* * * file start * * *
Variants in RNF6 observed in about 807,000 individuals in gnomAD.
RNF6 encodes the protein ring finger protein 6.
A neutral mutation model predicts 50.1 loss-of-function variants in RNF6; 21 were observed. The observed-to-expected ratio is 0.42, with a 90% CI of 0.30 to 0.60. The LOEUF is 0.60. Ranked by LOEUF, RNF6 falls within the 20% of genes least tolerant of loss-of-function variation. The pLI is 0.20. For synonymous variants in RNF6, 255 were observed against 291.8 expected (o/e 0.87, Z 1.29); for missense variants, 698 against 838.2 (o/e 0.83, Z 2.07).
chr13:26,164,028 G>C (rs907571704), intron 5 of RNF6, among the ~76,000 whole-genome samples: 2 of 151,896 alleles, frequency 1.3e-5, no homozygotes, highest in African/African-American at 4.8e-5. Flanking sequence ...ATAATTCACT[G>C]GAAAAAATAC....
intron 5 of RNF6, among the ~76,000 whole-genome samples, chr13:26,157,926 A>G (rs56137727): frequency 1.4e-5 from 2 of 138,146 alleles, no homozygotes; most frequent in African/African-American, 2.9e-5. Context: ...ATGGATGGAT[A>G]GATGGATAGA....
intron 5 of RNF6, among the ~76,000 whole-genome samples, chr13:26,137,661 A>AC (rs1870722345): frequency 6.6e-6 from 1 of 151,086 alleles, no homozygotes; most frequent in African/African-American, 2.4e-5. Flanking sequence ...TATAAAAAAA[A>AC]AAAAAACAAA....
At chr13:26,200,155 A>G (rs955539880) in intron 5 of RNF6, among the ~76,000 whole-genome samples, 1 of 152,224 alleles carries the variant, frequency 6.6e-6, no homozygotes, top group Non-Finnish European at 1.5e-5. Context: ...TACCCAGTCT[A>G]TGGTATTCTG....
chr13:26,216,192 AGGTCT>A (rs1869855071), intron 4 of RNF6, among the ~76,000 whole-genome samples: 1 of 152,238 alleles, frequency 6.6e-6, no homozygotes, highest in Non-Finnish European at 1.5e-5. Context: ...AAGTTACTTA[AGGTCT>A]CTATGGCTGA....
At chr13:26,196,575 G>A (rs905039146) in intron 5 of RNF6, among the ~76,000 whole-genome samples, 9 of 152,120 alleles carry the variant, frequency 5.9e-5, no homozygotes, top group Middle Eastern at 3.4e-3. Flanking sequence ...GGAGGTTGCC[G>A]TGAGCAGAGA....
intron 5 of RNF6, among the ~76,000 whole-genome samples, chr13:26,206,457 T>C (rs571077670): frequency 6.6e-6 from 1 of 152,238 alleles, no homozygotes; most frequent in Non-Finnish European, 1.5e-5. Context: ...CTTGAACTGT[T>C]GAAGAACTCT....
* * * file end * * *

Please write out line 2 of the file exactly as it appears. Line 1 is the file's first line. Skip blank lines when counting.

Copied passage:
RNF6 encodes the protein ring finger protein 6.